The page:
May 6, 2019; Chronicle of Philanthropy

Once again, the Combined Federal Campaign, which is the workplace giving campaign for federal workers, has seen a serious drop in its pledge results. Last year brought in only $90 million, contrasted against 2017’s $101 million and 2016’s take of $167 million. In sum, the money raised is still dropping from year to year from a high set in 2009 of $289 million. That’s a drop of two-thirds in the last 10 years.

In November, Marshall Strauss wrote in NPQ about the prior year’s results: “If one adjusts for inflation, the news is even worse: adjusting for inflation reveals that the 2017 pledge result was lower than in any year of the campaign, back to 1972—for as far back as the government has published figures.”

What the decline looks like is this:

Accompanying that falloff, the number of charities participating in the campaign have dropped by two-thirds, and the number of employees participating in the campaign has also been on a steep decline.

Strauss’ description of the steps ostensibly taken to goose the campaign makes one wonder if those in charge have any sense of what effective fundraising requires. Warnings from Congress that the steps taken may make things worse have gone ignored. Administrative fees now eat up 25 percent of every donation—not a good look for a fundraising intermediary. Charities are now charged upfront to participate, and attempts to redirect interactions toward online giving (even as the number of fundraising hubs has declined) have reduced face-to-face fundraising contact.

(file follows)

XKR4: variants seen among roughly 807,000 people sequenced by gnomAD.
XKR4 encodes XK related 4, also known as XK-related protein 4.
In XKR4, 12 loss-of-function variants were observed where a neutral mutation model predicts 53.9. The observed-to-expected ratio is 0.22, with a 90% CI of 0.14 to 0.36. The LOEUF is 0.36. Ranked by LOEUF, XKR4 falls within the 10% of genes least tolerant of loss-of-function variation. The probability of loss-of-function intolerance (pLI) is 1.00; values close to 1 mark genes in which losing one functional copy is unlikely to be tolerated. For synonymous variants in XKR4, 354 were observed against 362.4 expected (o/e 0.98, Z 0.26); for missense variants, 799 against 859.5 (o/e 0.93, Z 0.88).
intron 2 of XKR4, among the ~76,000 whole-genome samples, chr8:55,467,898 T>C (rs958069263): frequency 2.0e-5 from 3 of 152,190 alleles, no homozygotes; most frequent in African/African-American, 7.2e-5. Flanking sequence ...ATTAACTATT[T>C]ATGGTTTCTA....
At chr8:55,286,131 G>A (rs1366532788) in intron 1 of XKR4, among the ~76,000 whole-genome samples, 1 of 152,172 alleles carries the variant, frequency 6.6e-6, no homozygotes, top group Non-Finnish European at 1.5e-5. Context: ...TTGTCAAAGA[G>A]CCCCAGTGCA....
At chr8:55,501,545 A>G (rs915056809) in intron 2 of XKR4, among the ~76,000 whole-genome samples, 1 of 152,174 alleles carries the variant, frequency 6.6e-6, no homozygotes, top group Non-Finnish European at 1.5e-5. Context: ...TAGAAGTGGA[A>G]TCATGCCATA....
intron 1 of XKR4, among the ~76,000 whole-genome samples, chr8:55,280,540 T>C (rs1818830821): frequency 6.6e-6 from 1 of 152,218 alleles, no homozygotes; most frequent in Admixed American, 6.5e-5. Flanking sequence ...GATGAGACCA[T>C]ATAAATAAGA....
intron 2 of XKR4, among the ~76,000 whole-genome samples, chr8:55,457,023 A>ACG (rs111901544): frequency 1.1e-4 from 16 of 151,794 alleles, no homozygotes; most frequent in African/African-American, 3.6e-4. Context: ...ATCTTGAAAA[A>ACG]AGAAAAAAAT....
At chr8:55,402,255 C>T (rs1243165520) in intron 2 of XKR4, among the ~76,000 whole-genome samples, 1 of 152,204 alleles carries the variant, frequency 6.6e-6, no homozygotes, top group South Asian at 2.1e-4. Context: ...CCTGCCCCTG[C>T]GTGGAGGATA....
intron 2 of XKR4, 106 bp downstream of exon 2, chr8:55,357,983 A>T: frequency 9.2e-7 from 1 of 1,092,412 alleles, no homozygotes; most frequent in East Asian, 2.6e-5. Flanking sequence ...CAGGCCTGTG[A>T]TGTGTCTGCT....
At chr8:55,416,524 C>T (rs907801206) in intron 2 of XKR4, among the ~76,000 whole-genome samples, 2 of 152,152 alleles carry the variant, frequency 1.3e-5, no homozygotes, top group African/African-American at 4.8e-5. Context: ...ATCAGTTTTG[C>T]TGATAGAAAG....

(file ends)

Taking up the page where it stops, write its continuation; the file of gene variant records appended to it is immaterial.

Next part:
Essentially, even as giving circles are growing as very personal expressions of shared concern, the CFC has replaced a community effort with an lonely and inefficient automated effort—one about as far from inviting as humanly possible—and it shows in the results.—Ruth McCambridge